Tuesday, February 09, 2010

In Hot Water

Jeremy Douglass of the Critical Code Studies working group is offering an interesting series of readings of the computer code related to climate models that demonstrate global warming at work in the so-called "Climategate" scandal involving leaked e-mail messages exchanged among scientists, which I have written about here before.

This tutorial from Michael Suede supposedly on reading comments in code encourages climate skeptics to hit pause on their online video players in order to carefully peruse the evidence that the speaker presents. Because programming is often a collaborative activity, it is suprising to see that the author of these comments used so much profanity and personal attitude in his expressions in the genre. In the classes on programming that I've taken, NPOV is emphasized in composing comments or a winking friendliness to the next programmer who might tackle a tricky section that might seem somewhat opaque.

However, as Douglass points out, not all would agree with Suede's reading or another reading of the code as dubious by the BBC. The following videos present a much more generous reading of the code practices involved in developing the software used by climate scientists, which -- according to Douglass -- "argues for a different interpretation of the 'climategate' source code based on a critique of interpretive rhetoric (e.g. ad hominem interpretation), an appeal to understanding of the culture of personality among software engineers, and the contextually specific meaning of the word 'integrity' and what it signifies in the context of 'data integrity' about the software and data."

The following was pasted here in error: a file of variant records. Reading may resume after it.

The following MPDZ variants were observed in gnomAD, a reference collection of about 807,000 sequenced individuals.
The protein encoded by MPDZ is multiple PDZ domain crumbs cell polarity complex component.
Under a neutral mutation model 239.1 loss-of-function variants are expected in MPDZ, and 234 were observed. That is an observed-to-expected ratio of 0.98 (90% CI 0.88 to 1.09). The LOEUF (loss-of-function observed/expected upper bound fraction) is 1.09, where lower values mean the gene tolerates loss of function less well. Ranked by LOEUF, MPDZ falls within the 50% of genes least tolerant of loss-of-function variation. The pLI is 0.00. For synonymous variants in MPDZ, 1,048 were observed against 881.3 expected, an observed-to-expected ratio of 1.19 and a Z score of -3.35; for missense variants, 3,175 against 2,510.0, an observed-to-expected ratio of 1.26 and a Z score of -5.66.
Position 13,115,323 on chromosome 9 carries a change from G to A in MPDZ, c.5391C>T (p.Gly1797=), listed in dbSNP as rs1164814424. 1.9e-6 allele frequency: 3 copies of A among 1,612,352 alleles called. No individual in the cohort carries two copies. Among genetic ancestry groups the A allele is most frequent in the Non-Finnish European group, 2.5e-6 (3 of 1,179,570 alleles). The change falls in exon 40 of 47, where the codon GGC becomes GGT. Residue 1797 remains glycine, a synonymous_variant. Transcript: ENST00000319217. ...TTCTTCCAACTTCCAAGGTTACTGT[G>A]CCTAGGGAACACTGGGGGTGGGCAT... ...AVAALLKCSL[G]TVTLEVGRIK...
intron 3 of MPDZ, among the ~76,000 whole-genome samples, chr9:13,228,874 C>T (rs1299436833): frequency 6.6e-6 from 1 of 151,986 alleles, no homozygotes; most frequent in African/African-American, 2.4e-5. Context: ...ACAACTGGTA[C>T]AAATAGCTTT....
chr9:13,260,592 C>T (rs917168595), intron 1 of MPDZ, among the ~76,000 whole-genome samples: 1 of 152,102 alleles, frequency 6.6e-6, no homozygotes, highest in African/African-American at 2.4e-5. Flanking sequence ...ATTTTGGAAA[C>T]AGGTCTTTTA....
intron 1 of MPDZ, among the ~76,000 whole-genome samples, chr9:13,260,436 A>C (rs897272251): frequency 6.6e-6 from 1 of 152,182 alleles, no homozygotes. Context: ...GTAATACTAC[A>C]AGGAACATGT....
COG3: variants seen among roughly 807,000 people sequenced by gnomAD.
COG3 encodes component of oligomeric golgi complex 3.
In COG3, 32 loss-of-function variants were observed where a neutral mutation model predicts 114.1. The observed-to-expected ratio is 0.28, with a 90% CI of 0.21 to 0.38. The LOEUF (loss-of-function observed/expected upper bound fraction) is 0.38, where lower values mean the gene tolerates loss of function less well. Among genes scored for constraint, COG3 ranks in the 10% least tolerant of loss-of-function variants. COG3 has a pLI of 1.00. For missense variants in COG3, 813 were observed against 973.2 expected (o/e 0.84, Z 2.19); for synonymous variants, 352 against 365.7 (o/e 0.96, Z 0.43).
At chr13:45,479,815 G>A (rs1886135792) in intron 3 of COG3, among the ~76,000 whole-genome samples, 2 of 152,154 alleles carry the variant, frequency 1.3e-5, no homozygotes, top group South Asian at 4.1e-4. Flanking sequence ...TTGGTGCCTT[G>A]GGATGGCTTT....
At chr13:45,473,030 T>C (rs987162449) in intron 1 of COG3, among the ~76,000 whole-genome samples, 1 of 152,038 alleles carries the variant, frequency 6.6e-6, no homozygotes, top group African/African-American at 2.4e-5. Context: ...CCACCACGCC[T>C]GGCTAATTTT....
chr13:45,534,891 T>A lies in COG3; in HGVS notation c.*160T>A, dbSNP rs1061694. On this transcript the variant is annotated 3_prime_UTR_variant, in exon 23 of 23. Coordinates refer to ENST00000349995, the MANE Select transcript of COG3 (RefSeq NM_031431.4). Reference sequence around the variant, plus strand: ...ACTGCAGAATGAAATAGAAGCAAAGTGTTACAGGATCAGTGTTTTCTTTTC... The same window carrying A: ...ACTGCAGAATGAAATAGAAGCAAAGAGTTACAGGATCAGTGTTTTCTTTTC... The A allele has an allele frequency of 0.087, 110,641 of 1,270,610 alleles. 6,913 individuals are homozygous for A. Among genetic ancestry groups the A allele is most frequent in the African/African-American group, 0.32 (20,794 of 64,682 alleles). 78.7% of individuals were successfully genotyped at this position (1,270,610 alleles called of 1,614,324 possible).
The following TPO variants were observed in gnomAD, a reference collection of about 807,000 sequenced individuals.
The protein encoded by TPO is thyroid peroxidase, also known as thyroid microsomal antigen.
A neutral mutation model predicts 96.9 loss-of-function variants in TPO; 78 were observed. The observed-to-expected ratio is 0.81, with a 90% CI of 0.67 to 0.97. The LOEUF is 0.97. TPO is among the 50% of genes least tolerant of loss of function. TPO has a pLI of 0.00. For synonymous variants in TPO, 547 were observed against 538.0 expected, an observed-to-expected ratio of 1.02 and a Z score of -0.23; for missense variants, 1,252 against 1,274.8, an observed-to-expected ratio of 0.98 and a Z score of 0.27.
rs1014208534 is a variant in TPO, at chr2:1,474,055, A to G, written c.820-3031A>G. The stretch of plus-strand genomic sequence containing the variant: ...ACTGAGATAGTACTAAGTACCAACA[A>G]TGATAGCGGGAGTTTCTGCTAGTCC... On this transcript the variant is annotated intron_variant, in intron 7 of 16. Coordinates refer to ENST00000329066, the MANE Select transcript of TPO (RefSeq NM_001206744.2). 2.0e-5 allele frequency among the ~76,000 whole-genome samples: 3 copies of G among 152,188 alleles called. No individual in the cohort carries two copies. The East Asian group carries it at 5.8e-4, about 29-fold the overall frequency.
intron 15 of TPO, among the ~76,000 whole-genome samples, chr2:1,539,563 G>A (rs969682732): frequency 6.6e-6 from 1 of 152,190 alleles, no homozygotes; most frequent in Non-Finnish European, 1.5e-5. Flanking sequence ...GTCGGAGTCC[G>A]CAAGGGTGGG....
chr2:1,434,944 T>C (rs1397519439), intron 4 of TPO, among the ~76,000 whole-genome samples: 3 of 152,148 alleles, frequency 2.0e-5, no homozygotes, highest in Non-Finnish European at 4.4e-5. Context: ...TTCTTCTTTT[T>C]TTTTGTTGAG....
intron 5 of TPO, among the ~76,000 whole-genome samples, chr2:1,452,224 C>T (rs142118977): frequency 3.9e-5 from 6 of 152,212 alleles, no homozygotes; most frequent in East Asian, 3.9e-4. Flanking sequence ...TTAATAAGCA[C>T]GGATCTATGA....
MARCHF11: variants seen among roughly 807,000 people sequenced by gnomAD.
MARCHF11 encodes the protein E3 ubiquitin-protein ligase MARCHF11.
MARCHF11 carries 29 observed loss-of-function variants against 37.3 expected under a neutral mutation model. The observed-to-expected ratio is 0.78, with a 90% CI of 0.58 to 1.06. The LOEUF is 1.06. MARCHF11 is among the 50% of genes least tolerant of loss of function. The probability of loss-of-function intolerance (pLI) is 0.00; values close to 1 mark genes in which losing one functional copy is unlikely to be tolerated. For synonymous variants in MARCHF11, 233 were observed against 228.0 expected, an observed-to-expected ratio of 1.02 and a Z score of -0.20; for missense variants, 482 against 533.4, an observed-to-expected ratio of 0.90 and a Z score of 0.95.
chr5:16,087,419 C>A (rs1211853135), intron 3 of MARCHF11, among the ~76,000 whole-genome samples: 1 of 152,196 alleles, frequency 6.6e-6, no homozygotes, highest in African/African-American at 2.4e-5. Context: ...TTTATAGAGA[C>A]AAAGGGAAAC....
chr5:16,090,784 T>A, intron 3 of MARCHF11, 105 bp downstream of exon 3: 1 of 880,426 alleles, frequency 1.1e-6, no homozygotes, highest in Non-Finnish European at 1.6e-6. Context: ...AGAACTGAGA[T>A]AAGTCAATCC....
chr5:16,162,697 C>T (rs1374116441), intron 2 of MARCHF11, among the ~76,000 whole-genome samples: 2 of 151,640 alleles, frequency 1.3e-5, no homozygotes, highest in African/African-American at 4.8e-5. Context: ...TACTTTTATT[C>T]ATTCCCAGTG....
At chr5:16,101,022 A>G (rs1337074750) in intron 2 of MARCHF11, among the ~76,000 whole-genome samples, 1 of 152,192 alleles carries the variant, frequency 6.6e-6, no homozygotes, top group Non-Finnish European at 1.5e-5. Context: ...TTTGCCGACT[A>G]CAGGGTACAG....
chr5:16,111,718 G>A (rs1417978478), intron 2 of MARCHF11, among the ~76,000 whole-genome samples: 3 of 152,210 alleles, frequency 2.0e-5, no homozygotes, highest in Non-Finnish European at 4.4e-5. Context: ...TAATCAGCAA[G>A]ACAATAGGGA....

This shows the productivity of this start-up group, which leader Mark Marino notes already has 97 members, 15 code critiques, over 80 bibliographic entries: 80+ entries, and 67 comments generated in response to the first week's presentation.

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Blogger Jardinero1 said...

This piece is a more fundamental, non-semiotics, reading on scientific paper source code. It deals with the more basic issue of not how you interpret code but getting to see the code in the first place. The unwillingness to release data or source code was the fundamental failing of the CRU.


10:31 AM  

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